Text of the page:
Kristen and I chatted on an off for about 15km. I told her whatever I could remember of the course until the aid station, from more rolling hills to single tracks. I could tell she was enjoying it as the landscape was very different from what she had been training on back in the ACT.
One thing is for certain, two years is long enough for you to forget what an event is like, but also long enough to make everything feel new again.
Coming down into a gully you could hear the magical sounds of the banjo frogs (aka pobblebonks), it made me truly feel special to be in amongst nature.
It was now hot, and with the recent rain, it was humid. I instantly realised that I did not put on any sunscreen. A mistake I will have to live with. Now before you ask, yes I had packed it, but in my frazzled state getting my gear together in the car it didn’t even occur to me to put it on.
At least I had my hat and my sunnies.
When it comes to fuelling, I have my watch is set up so the first screen tells me my heart rate, and duration. This helps me to keep track of when to take nutrition. I wasn’t too worried about knowing about my distance. My training has been based on time, and knowing the distance you have travelled or yet to travel can be a real mental struggle, so it was just easier to remove that from the equation. Keeping an eye on the time meant that I could keep my nutrition up. My goal was to eat every 45 minutes.
During that leg of the run I ate/drank:
- Goulburn Valley fruit pouch
- Huck Nutrition
- A small amount of trail mix
Passing the first water station we would now start the ascent along Currawong Falls track. I lost Kristen by this time. She was behind me and then suddenly she wasn’t.
Unpacking my poles that were attached to my pack I used them to start my climb. I remember from 2017 that I would have been grateful to use poles for these sections. Yes, I could have gone without them this year, as I feel like I’m a much stronger trail runner than I was back in 2017, but at the same time, by using the poles I became a much more efficient hiker, and I when it came to the hills I powered up them strongly.
The track to Currawong falls bought back memories of entering Leura Forest. Just not as dense. Unfortunately, Currawong Falls was not flowing this year.
The weather was now turning, I could feel a drop in the temperature as a light drizzle occurred. Soon that drizzle got harder. Making the decision to stop to put on my jacket was more so for warmth than for protection against the rain.
When it came to the weather, we really did have 4 seasons in one day. It wouldn’t be long before the jacket was back in bag.
Arriving at the refuelling station, I grabbed some chips and lollies, took out my phone and sent Tom a message that I arrived and I would see him in about an hours time at the Moggs Creek checkpoint.
Travelling along the apt name Dam Walk track to the Painkalac Dam reservoir, I again was brought back to UTA. I knew that I was more than ready to do this and that I would be seeing my family soon.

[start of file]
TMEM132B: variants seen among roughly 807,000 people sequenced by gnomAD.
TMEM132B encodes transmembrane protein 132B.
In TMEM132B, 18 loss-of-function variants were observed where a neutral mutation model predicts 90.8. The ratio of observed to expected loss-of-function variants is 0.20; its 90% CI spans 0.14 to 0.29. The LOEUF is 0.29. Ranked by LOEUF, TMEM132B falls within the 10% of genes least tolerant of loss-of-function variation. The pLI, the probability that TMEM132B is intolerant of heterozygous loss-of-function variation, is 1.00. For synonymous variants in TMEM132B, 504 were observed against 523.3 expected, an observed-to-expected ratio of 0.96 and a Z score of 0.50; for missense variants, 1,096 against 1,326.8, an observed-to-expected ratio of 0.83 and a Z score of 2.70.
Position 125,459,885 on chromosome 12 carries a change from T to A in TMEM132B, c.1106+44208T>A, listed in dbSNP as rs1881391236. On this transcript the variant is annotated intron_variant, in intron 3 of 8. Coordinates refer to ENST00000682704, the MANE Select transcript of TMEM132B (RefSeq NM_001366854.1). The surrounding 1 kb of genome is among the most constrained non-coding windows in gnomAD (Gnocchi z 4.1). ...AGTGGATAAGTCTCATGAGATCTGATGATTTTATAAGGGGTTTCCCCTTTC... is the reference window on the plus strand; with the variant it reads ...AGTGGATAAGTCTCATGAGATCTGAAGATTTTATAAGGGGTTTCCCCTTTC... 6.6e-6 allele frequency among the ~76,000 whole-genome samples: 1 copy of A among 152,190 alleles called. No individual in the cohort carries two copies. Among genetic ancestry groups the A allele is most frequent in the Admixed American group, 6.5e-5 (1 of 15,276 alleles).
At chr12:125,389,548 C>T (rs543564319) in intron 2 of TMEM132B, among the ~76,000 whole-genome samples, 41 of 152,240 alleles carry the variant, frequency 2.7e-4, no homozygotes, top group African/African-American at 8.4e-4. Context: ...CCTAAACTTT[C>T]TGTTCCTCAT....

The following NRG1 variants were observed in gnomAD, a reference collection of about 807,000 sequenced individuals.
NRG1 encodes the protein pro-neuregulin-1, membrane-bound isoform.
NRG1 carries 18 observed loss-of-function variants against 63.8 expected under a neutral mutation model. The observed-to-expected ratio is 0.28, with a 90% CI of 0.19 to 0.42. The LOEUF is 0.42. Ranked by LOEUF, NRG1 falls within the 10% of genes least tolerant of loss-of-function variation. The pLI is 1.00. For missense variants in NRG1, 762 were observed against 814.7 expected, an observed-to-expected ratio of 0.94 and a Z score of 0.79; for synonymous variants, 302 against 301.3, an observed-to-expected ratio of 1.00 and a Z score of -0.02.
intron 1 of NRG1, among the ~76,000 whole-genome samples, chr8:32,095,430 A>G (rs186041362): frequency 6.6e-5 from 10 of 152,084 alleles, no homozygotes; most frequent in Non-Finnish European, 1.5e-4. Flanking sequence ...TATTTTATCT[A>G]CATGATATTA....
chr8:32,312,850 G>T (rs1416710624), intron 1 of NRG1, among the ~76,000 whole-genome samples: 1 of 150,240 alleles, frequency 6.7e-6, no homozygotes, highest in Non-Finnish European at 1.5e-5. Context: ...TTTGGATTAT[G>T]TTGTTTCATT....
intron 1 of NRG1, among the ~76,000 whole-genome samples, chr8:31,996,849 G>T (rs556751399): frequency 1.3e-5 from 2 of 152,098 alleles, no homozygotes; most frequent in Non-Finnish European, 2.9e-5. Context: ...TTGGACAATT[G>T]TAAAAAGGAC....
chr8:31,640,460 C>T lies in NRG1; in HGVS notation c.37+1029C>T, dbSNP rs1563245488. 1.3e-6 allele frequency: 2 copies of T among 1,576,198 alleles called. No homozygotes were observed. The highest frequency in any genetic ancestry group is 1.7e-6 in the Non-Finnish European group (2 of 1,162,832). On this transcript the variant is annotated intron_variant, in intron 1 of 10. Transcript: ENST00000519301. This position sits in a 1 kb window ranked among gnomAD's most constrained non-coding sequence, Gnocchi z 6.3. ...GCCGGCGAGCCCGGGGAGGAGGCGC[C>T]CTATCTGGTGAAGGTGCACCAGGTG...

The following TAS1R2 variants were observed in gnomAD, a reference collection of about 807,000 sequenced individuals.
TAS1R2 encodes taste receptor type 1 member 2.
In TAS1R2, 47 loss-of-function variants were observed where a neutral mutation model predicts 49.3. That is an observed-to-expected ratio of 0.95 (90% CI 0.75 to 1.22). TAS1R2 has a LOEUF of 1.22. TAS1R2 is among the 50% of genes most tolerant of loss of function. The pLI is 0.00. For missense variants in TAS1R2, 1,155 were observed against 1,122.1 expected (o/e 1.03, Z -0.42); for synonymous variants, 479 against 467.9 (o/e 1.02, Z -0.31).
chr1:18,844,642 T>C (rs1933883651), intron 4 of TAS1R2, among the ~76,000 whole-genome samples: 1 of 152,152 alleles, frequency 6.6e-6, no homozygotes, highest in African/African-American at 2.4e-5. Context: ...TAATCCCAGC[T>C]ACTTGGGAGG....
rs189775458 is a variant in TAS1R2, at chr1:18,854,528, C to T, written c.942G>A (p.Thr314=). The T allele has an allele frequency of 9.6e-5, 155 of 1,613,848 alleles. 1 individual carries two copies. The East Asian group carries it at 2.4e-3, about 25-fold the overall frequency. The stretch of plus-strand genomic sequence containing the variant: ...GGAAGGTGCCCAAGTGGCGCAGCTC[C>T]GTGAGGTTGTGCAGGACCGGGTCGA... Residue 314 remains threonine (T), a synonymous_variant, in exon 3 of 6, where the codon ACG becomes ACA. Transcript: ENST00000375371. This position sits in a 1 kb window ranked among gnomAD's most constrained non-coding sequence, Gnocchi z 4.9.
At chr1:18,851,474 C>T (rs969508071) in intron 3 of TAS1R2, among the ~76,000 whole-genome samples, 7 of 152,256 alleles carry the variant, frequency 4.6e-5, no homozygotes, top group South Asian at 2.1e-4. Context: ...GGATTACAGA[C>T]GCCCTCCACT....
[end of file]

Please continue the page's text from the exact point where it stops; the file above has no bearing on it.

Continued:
By now it occurred me that I had not seen 1 photographer yet, which I thought was quite strange. Then in a space of I kid you not 1km, I came across 3!Moggs creek was a hive of activity, from relay members changing over, to family and loved ones supporting those out on course.
Arriving at Moggs Creek in a time of 3h57m41s, I took the time to refilled my tailwind bottle and my hydration bladder. Then I asked for directions for the bathroom, as I knew I should go, or I would be ducking into the bush within the hour.
While looking for my drop bag, my family found me. Tom told me I was looking well and asked what I needed, the kids were just excited to see me. First thing was first. Find the toilet.
After making a detour to the loo, I went back to the drop bag to stock up. I dropped my poles into my bag knowing I would most likely not need them. Dumped my rubbish, grabbed more food for my pack, a buff but most importantly my headlamp. Having not done the next part of the course I had no idea what to expect. Giving hugs and kisses to the kids and Tom, I was off but first I took in a cup of chicken noodle soup. It was amazing. Grabbing a baked potato and of course more chips (yes I do love my potatoes). I was ready.
Total time spent at Moggs Creek aid station: 9m11s.
This next leg would be make or break. This was the leg that would make me an Ultra Runner.
The afternoon light was streaming through the foliage of the forest and is was just enchanting. I soaked up all its beauty.
My watch did not like the forest, and I lost the GPS signal. The first time was along Currawong Falls track when the rains started, the 2nd time was along Ocean Views track. Now I had no idea that the track was called this. It wasn’t until I was looking at the topographical map on google maps of the area that I discovered this.
Could you imagine my delight when we came across this lookout!
Due to the loss of GPS signal I had no idea how far I had actually covered. Upon passing another runner I asked, and she said roughly 32k.
Reaching into my pack, I remembered I had a baked potato, so decided to eat that over another gel, it was AMAZEBALLS. It had butter and salt and hit the spot.
This leg of the course is known as “Lookouts and Lighthouses”. Lookouts √, I could see Split Point Lighthouse in Lorne and knew I still had a long way to go.